Trivers Leads Renovation of Major US Military Facility, Creates New Workspaces for Federal Agencies

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Trivers was commissioned by the General Services Administration (GSA) to lead the $46 million renovation and creation of new workspaces for multiple federal agencies within the Major General Emmett J. Bean Federal Center in Indianapolis—one of the United States’ largest military facilities second only to the Pentagon. The project reached substantial completion in November 2023.

The Bean Federal Center became the nation’s first centralized location for the U.S. Army’s financial operations when it was constructed in 1953. The large, open floor plate in the original design facilitated efficient movement of paperwork and the ability to house a high-occupancy workforce. Overtime, the buildout of the formerly open floor plate resulted in uninspired workspaces lacking natural light and confusing wayfinding due to quarter-mile long corridors. In 2018, the GSA selected Trivers through its Design Excellence Program to lead the project in partnership with HOK for workplace design.

“At first, the federal agencies were reluctant to move into the building because of how it looked before the project started, but now they are enjoying their workspaces and are in awe of the transformation that has taken place,” said Nicole Randolf, program manager for the GSA. “Life has been brought back to the Bean Federal Center and the surrounding area, which would not have been possible without this renovation.”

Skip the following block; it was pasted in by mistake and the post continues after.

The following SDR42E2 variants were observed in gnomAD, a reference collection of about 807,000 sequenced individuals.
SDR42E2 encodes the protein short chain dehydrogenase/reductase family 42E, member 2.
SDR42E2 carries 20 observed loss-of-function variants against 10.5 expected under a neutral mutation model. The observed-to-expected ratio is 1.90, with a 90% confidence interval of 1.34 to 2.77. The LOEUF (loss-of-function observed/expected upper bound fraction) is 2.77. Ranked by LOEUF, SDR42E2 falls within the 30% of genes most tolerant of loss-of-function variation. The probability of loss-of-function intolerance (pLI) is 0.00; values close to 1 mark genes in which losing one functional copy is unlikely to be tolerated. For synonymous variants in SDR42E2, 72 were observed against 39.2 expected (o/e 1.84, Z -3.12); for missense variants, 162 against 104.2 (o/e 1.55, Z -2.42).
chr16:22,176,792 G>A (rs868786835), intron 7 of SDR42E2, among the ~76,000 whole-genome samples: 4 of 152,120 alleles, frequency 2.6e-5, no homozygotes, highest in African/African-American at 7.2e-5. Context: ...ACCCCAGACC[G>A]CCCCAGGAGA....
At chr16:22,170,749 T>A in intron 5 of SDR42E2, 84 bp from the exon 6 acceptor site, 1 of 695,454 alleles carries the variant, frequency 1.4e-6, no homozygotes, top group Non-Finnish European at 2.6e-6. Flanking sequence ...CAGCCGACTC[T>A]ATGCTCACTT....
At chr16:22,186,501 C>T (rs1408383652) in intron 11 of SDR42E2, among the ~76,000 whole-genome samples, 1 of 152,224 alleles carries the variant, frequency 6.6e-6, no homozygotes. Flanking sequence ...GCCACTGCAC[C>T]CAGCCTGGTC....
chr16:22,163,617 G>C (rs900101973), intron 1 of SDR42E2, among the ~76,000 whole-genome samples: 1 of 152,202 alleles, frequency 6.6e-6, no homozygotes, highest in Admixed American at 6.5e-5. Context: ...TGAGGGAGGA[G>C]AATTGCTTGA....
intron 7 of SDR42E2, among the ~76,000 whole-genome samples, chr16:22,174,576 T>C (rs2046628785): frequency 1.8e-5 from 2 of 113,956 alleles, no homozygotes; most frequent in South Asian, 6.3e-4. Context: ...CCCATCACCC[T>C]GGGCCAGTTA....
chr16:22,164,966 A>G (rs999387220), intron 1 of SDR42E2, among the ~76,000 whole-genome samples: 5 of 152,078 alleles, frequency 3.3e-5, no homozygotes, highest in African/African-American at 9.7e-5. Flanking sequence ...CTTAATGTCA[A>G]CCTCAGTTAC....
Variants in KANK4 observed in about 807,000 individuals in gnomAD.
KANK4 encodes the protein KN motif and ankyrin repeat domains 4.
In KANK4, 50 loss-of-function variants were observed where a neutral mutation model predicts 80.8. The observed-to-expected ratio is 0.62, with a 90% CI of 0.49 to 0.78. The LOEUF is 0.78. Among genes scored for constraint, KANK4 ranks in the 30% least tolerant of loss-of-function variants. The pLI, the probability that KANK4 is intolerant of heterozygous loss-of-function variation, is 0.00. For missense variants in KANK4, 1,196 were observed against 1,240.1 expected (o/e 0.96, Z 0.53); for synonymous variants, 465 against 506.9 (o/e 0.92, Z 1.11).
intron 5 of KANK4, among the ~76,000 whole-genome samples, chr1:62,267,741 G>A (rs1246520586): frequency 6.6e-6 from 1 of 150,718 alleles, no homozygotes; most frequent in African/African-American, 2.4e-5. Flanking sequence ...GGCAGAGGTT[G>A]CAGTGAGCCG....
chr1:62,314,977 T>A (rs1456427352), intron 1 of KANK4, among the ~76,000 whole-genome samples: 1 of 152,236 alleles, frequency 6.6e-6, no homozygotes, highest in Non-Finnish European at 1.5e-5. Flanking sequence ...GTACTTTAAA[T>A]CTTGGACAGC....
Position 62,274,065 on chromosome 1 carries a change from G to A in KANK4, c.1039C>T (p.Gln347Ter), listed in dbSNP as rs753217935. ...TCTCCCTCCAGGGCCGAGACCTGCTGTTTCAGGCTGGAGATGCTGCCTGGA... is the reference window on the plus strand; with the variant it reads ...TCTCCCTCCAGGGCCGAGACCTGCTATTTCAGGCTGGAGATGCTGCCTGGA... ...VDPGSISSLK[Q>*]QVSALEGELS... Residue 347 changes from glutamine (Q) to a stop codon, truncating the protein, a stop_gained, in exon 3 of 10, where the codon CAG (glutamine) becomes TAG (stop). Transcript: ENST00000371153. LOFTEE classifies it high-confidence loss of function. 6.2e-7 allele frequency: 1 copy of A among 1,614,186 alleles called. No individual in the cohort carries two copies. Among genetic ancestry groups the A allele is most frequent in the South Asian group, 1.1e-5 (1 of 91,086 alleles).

The design team completed workspaces for three federal agencies—Customs & Border Protection, U.S. Marine Corps, and Office of the Inspector General—and created a Building Design Standard (BDS). The BDS outlined a vision for all workspaces and identified the building’s character-defining features from a historic perspective. Through close collaboration with each federal agency, Trivers, HOK and other consultant partners designed customized workspaces that avoided an adverse historic impact to the property while simultaneously enhancing and recreating the ways the building originally felt to its occupants. Strategies included facilitating natural light penetration into the interior from the perimeter and interior courtyards and utilizing color and texture to help orient users to various work environments.

An Art in Architecture installation managed by the GSA also took place concurrently with the tenant backfill project. The design team worked closely with the artist, Adam Cvijanovic, to ensure the installation aligned with the BDS and tenant requirements. The new floor-to-ceiling custom paintings have transformed the corridor experience and have provided greatly improved wayfinding.

“The once dull and confusing interior now utilizes large murals to aid in wayfinding,” said Amy Gilbertson, FAIA, LEED Green Associate, principal at Trivers. “New tenant workspaces and corridors are filled with natural light for the first time in decades. Completion of this project has resulted in a transformative solution for the property, ensuring that tenants are supported through innovative workplace design while honoring the building’s historic legacy.”